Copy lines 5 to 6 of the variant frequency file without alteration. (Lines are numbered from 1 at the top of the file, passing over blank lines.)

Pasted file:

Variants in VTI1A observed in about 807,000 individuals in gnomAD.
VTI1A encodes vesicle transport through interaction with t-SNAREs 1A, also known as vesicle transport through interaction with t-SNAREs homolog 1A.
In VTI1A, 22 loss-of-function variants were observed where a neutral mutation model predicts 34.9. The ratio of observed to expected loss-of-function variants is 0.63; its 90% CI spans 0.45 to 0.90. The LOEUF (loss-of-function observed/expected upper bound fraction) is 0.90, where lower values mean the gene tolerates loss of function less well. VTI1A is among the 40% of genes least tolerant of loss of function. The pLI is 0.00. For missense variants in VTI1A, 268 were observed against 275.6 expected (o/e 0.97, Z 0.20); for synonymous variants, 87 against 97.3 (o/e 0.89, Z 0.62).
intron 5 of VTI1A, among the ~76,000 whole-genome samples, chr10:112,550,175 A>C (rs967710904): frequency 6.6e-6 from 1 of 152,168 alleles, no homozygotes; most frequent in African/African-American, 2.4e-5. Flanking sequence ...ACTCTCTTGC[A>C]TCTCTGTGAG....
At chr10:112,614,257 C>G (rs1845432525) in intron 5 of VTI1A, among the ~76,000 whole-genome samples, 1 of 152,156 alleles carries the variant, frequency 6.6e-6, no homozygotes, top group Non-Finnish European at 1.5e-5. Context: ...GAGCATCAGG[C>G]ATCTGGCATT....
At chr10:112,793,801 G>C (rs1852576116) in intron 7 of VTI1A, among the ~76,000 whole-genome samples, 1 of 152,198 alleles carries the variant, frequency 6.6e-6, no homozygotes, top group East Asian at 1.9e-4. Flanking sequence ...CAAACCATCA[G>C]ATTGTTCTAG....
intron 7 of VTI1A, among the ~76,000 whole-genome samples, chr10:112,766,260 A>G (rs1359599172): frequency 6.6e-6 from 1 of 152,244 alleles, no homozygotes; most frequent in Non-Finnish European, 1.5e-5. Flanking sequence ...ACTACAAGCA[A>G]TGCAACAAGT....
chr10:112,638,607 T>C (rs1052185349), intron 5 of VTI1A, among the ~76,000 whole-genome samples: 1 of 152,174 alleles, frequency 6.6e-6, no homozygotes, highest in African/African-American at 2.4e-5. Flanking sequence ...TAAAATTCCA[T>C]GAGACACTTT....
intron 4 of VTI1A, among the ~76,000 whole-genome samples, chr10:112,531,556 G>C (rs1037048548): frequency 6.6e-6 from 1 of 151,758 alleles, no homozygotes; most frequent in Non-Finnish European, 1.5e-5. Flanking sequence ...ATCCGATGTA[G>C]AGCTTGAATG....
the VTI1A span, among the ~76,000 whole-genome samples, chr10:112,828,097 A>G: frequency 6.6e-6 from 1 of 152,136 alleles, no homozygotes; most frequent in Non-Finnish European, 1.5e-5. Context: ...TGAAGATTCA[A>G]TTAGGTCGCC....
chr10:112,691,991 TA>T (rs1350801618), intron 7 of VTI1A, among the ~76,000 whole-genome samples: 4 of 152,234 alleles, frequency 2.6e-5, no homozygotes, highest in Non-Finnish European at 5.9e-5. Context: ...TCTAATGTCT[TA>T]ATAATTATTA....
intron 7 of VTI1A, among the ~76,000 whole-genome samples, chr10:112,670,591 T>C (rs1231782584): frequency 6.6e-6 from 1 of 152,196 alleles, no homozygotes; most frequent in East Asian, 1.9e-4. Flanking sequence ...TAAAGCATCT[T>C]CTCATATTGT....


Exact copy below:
At chr10:112,614,257 C>G (rs1845432525) in intron 5 of VTI1A, among the ~76,000 whole-genome samples, 1 of 152,156 alleles carries the variant, frequency 6.6e-6, no homozygotes, top group Non-Finnish European at 1.5e-5. Context: ...GAGCATCAGG[C>G]ATCTGGCATT....
At chr10:112,793,801 G>C (rs1852576116) in intron 7 of VTI1A, among the ~76,000 whole-genome samples, 1 of 152,198 alleles carries the variant, frequency 6.6e-6, no homozygotes, top group East Asian at 1.9e-4. Flanking sequence ...CAAACCATCA[G>C]ATTGTTCTAG....